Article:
While not every student will qualify for one of these programs, there are a number of different loan forgiveness programs that could help students decrease their debt. Student Loan Hero offers a list of all forgiveness programs, including ones for people who work in health care, education, public service, military and more. 

Some examples of forgiveness programs include Public Service Loan Forgiveness, where if an individual were to work in a public service job after college, they may qualify for this program. Jobs that qualify include but aren’t limited to: Teach for America, Court translator, Public non-profits, military or public health, law enforcement, public teaching, and public service law.

States have also begun to offer special assistance, like Maine’s Alfond Student Debt reduction program that provides student loan repayment assistance for people who live and work in Maine in a STEM-designated occupation. 

It’s important to note that applying and getting accepted to a loan forgiveness program can be a lengthy process. This means students should plan accordingly, and the process of how to apply should be included in their “payback playbook” course.


3. Create a support group students can access after they graduate.

After a student graduates, they may feel that they no longer have the support of their college to walk them through questions about their student loans that they are now being asked to start paying off. A great way to not only help graduates, but also keep a strong connection with alumni, is to offer an online loan support group. This could be in the form of a Facebook or LinkedIn group, or it could live in a section of a custom alumni portal using Launch software. 

Support groups can offer additional resources and suggestions for student loans, offer free consultations, and enable individuals to lean on other graduates for advice, that have successfully paid off their student loans. The more alumni that  feel supported, the deeper connection they’ll have with their college, resulting in more financial stability.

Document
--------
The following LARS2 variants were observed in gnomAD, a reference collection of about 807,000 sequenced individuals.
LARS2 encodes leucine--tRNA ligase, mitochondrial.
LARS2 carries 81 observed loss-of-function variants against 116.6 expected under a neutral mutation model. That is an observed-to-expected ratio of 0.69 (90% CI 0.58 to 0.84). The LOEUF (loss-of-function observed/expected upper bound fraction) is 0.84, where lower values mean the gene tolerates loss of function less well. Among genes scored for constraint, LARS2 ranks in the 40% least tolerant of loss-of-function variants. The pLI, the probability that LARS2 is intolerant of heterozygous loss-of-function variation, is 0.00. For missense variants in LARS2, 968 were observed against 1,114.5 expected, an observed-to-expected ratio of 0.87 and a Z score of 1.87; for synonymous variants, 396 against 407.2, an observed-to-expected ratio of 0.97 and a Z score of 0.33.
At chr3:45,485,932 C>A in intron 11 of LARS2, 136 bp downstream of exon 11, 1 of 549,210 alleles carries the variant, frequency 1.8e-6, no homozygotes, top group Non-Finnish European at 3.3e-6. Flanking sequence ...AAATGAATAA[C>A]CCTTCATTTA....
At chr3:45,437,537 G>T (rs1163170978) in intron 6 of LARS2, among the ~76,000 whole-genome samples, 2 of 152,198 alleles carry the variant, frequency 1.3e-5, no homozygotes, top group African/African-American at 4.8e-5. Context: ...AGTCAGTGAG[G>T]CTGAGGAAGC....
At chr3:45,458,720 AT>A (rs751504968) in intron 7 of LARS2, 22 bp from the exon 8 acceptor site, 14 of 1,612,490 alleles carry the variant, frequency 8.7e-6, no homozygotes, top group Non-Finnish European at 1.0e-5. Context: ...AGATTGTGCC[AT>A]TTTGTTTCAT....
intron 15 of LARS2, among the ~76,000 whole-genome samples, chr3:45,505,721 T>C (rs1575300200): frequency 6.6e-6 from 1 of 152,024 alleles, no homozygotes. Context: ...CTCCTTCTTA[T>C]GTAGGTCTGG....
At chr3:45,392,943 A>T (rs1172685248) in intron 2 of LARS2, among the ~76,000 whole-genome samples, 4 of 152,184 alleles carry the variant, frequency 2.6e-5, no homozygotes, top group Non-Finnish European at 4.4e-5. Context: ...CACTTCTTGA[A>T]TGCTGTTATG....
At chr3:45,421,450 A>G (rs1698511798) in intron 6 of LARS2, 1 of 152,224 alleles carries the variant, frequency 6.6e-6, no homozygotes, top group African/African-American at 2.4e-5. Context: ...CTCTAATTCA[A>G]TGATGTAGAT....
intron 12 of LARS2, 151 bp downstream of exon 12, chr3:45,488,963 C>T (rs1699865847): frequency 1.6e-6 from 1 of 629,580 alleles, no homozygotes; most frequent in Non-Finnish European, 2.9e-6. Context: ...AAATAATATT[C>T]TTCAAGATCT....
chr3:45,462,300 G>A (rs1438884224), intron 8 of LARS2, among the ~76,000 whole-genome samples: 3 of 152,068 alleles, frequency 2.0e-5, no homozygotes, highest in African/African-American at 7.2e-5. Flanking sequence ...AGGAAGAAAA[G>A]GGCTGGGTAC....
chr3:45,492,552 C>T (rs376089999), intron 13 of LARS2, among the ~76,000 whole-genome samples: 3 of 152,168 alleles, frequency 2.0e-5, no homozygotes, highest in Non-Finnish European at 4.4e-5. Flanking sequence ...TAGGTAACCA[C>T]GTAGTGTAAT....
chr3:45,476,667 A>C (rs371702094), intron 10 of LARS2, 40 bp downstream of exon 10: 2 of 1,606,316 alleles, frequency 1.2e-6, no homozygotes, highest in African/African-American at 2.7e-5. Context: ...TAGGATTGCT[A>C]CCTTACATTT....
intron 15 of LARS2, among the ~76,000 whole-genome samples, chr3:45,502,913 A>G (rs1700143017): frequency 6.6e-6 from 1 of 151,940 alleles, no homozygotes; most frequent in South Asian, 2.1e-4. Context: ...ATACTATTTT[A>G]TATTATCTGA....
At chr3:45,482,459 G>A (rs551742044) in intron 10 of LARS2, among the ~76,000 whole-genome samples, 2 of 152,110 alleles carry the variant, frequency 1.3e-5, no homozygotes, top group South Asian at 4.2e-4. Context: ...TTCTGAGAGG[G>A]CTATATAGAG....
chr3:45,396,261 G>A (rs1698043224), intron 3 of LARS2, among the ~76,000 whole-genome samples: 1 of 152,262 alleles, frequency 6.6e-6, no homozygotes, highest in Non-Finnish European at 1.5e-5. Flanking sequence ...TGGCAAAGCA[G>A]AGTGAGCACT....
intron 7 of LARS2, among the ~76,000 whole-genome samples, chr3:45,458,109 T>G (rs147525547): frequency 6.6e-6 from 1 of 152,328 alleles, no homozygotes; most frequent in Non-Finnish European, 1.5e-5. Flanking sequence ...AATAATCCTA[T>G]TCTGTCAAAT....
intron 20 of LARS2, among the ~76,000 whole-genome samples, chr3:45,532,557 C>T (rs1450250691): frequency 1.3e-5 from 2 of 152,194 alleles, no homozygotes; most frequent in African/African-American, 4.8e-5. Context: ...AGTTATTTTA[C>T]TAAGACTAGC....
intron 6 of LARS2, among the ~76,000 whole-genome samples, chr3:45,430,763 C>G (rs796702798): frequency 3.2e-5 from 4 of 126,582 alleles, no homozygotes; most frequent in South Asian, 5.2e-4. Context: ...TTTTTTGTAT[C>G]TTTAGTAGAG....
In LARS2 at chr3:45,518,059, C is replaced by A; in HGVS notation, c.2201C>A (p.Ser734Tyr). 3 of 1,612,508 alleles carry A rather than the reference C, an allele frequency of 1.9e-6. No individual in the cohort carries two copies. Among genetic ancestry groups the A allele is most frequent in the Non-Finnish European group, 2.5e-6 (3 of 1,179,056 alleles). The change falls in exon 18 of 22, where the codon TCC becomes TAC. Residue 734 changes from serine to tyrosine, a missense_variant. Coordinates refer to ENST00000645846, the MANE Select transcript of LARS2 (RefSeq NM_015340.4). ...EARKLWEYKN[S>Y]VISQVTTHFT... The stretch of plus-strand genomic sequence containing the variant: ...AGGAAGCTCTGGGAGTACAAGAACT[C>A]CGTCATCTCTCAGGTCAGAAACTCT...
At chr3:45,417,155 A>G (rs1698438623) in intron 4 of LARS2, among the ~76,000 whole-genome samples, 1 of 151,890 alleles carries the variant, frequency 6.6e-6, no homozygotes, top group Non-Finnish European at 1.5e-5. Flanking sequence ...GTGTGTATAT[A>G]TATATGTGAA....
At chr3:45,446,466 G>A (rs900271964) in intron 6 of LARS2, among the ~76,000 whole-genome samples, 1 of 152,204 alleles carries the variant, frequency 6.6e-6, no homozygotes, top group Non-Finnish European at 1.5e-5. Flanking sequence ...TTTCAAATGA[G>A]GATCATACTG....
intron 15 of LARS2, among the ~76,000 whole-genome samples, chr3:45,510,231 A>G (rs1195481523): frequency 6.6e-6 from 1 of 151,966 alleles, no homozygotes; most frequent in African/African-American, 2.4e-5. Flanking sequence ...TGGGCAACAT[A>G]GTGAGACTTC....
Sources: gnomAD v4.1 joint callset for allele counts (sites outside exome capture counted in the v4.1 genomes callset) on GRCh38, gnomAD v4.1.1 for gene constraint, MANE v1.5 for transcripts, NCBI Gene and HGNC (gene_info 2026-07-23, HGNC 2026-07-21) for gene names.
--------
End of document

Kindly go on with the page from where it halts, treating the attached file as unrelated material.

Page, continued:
4. Teach students how to avoid scams.

The massive amount of student debt is not only making headlines in politics,  but catching the eye of scammers. According to CNBC, scammers have cost student loan borrowers over $95 million. Often, the scam takes the form of a robocall, where a graduate receives a call about how they can greatly reduce student loan payments or even completely get rid of them for a small fee.

Robocalls are on the rise, so it’s important for students to know how to look out for them. Students should be wary of inquiries that:

-Offer fast loan forgiveness. Real loan forgiveness programs can take up to 10 years.

-Ask for a fee. There are a variety of resources available for free. 

-Ask for a FSA ID. Never share a FSA ID.

-Promise to completely get rid of debt.

-Claim to have a relationship with the Department of Education.

-Promise to remove a student’s debt because their school is being sued.

Again, this is great information to include in loan preparation courses, or even as a notification in a student portal as students near graduation.